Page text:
Science 9 March 2007:Vol. 315. no. 5817, pp. 1365 - 1366 Letters
Did the Olmec Know How to Write?
In their Research Article "Earliest writing in America" (15 Sept. 2006, p. 1610), Ma. del Carmen Rodríguez Martínez et al. suggest that the inscribed "Cascajal block" is the first discovery of Olmec writing. Although we agree with the authors that it is possible that the Olmec did write, we have strong reservations concerning this artifact and its incised motifs.
1) Being found by persons unknown in a pile of bulldozer debris does not constitute reliable provenance.
2) The block does not fit any known category of Mesoamerican inscribed artifact; it is not a stela, celt, sculpture, or jewel. The heartland Olmec did not build in stone; therefore, it cannot be an architectural inscription. Indeed, there are many hundreds of similar serpentine blocks known at La Venta that were used as basal ornament on earthen platforms and in the buried pavements, but not a single one of these has engraving or relief carving. The authors' musings about the block being used for practice and repeatedly erased (resulting in a concave surface) are farfetched.
3) Known Mesoamerican writing systems are written either vertically or linearly (or a combination of the two, as in Maya glyph blocks); they do not randomly "bunch" glyphs as on the Cascajal block [c.f. (1)].
4) Many of the so-called glyphs replicate decorative motifs found on a wide range of largely unprovenanced (i.e., their authenticity is not proven, nor can it be proved) small-scale artifacts. None of these motifs in their original context has been identified as a form of writing. For example, "glyph" # 2/24/38/52 is found as part of the headdress assemblage on a number of the celts (nos. 116, 117, 118, 119) reproduced in Olmec Art of Ancient Mexico (2); "glyph" # 28/58 is found on another celt (no. 114), and "glyph" # 4 is inscribed on a stone figure (no. 47) again in the same catalog.
5) What we can only describe as the "cootie" glyph (# 1/23/50) fits no known category of Mesoamerican glyph and, together with the context of the discovery, strongly suggests a practical joke.
Karen O. Bruhns San Francisco State University ; Nancy L. Kelker Middle Tennessee State University
We thank Bruhns and Kelker for articulating several issues that others have raised concerning the Cascajal block and for providing us the opportunity to lay them to rest.
1) The provenance of the block is what it is, reported by nonarchaeologists but still fixed to an area of a few square meters within a known archaeological site in Veracruz, Mexico. Many other bona fide examples of ancient writing have even less secure find spots, including every known example of Mesoamerica's Isthmian Script and Egypt's Rosetta Stone. Such objects will continue to appear in the future, and each will require careful study for evidence of reliability. We have done this to the extent of our ability with the Cascajal block and stand by our considered and, to most scholars, valid assessment that it is a key addition to the corpus of inscriptions in Mesoamerica.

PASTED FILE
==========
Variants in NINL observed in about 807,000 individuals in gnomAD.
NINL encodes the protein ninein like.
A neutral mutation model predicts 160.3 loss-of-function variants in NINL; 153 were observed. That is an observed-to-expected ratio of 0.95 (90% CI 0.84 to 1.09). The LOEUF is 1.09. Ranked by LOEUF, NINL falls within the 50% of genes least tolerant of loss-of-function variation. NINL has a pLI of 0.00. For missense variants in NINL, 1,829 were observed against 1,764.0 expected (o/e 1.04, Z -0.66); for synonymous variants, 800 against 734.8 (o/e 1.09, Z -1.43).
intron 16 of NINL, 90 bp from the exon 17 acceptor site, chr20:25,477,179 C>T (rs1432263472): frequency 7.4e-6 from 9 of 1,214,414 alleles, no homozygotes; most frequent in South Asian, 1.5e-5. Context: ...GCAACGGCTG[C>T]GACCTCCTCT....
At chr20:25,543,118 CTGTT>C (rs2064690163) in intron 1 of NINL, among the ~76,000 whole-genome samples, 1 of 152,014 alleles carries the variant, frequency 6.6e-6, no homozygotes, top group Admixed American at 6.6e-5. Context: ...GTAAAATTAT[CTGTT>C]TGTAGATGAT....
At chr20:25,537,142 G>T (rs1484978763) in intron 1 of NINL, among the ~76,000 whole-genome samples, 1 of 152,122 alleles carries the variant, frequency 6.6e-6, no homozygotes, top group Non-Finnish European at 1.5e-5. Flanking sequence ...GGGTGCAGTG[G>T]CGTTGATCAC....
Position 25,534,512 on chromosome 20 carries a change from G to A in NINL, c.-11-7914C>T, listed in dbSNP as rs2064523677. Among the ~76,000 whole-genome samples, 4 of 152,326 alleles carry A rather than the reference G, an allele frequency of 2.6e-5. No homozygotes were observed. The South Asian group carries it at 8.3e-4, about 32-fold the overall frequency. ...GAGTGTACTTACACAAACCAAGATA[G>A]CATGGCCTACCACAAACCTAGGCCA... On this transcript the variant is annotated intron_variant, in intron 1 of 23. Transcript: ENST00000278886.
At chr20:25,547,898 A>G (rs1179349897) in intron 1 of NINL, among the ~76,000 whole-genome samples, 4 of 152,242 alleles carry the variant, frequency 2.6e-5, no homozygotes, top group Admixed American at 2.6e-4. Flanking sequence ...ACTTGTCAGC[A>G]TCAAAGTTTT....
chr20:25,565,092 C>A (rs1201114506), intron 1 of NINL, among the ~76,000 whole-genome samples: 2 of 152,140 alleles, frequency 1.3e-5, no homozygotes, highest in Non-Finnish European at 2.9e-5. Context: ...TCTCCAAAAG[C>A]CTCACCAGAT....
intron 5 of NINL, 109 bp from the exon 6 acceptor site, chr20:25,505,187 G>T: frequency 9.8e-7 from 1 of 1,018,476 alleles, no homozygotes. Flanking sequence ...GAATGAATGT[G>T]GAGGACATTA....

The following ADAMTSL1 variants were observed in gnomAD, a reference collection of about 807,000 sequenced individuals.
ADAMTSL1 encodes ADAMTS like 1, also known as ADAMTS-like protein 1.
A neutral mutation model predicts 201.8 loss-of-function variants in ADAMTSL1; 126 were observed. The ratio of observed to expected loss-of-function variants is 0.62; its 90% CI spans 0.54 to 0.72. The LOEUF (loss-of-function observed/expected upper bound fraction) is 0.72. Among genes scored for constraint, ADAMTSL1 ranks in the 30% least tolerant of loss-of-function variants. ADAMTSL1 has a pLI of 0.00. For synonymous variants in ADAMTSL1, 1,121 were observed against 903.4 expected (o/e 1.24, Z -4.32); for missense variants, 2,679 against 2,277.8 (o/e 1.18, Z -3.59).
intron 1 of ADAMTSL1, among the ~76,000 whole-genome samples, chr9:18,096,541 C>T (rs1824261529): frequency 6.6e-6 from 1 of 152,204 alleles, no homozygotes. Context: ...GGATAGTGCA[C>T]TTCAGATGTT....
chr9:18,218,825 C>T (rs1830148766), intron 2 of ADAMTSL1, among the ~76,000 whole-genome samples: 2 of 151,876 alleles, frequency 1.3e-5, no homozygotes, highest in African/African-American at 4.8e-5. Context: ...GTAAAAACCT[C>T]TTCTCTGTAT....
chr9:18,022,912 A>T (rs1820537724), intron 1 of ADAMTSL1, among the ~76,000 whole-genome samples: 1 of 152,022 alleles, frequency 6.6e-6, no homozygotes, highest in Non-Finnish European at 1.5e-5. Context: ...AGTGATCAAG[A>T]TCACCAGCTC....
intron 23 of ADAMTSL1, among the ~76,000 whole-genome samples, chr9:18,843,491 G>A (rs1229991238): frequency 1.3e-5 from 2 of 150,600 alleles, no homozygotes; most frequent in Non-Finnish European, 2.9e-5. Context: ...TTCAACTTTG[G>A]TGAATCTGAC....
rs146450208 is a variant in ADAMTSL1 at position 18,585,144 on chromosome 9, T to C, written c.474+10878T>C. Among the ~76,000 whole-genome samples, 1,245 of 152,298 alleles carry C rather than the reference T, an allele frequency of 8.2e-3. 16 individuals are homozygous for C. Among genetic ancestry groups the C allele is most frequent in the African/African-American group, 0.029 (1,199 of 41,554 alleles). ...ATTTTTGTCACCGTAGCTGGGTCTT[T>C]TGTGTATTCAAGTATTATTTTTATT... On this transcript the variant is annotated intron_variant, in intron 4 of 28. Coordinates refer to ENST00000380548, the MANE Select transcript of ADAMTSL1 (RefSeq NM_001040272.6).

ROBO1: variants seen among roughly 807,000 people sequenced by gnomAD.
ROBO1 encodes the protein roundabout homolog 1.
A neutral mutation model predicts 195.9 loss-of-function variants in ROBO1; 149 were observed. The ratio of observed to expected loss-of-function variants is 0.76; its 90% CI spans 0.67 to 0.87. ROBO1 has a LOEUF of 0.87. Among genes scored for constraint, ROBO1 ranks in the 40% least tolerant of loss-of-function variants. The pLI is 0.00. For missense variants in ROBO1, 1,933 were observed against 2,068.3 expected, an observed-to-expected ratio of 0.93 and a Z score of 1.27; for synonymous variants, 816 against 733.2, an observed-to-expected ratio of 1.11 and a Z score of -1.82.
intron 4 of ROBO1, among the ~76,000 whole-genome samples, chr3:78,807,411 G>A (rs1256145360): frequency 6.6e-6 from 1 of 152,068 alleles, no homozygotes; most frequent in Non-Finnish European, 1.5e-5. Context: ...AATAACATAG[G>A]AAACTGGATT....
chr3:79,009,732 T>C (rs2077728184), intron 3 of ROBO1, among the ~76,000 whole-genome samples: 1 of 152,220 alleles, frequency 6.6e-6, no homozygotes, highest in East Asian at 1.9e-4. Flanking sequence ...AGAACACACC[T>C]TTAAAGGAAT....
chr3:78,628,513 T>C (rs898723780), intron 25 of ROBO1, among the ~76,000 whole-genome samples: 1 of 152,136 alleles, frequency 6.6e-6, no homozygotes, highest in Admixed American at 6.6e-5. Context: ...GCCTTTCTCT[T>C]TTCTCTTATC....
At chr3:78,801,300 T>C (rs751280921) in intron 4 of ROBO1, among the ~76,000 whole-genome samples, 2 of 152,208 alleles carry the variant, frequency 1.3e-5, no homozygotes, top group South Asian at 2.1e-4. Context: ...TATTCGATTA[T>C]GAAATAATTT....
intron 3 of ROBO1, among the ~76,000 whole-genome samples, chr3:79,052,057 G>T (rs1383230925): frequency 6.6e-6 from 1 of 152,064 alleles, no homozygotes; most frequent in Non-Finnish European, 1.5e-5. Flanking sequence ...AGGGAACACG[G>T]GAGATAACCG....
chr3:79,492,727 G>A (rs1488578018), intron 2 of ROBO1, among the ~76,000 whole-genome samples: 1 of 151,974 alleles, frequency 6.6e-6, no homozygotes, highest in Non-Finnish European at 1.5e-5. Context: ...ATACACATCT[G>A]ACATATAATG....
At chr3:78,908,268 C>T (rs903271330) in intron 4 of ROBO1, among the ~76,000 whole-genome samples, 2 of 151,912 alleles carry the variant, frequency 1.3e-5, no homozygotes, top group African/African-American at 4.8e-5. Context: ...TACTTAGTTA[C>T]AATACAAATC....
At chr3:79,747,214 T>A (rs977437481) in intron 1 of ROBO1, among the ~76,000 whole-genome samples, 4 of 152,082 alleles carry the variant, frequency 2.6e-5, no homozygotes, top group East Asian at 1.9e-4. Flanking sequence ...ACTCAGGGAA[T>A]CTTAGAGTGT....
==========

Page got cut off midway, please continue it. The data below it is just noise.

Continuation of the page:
2) The authors claim that "[t]he heartland Olmec did not build in stone; therefore, it cannot be an architectural inscription." Then, in their next sentence, they cite precisely such architectural ornaments at the Olmec site of La Venta. We now suspect that the block may have served such a function. Such texts, especially from coastal Veracruz and the Maya region, characteristically are executed in shallow lines. Indeed, the celebrated La Mojarra Stela 1, found in circumstances much like those of the Cascajal block, was housed in the Museo de Antropología, Xalapa, for more than a year before anyone noticed the more than 500 glyphs on its face. It took some further time to see that an additional text appeared on its side, this on a sculpture under exceptionally thorough scrutiny (1). Therefore, we would not be surprised to learn that other previously discovered examples went unnoticed.
3) The signs form purposeful sequences; they do not "randomly 'bunch,' " as Bruhns and Kelker assert. The patterns in the Cascajal text are spelled out carefully in our paper.
4) The block contains signs found on objects with provenance and others that lack it. Some of the latter have been known since the 19th century (i.e., the "Humboldt Celt") (2). One previously unknown sign (glyph 19) appeared years after the discovery of the block in a secure archaeological context at Canton Corralito, Chiapas, Mexico (3). All known hieroglyphic systems in the world relate to pre-existing iconography or codified symbolism; new signs appear when warranted by scribal needs. Any hieroglyphic system that deviated from local iconography would be not only unique but, indeed, an inexplicable phenomenon.
5) If the "insect glyph" was a practical joke, the jokester was an Olmec. The motif is shown three-dimensionally in the diminutive Monument 43 at San Lorenzo, discovered and excavated by one of us (Coe) in 1966 and published by Coe and Diehl in 1980 (4).
We reject the author's specific criticisms and their implicit claim that the block is a modern forgery. However, we appreciate the fact that such challenges are the essence of scientific enquiry and that they eventually lead to truth. We still affirm that the Cascajal block is the oldest example of writing in the New World and among the most important finds ever made in Mesoamerica.
Ma. del Carmen Rodríguez Martínez
Centro del Instituto Nacional de Antropología e Historia Veracruz, Mexico
Ponciano Ortíz Ceballos
Instituto de Antropología de La Universidad Veracruzana , Xalapa, Mexico
Michael D. Coe
Professor Emeritus , Yale University
Richard A. Diehl
Department of Anthropology , University of Alabama
Stephen D. Houston
Department of Anthropology , Brown University
Karl A. Taube
Department of Anthropology University of California Riverside
Alfredo Delgado Calderón
Centro del Instituto Nacional de Antropología e Historia ,Veracruz, Mexico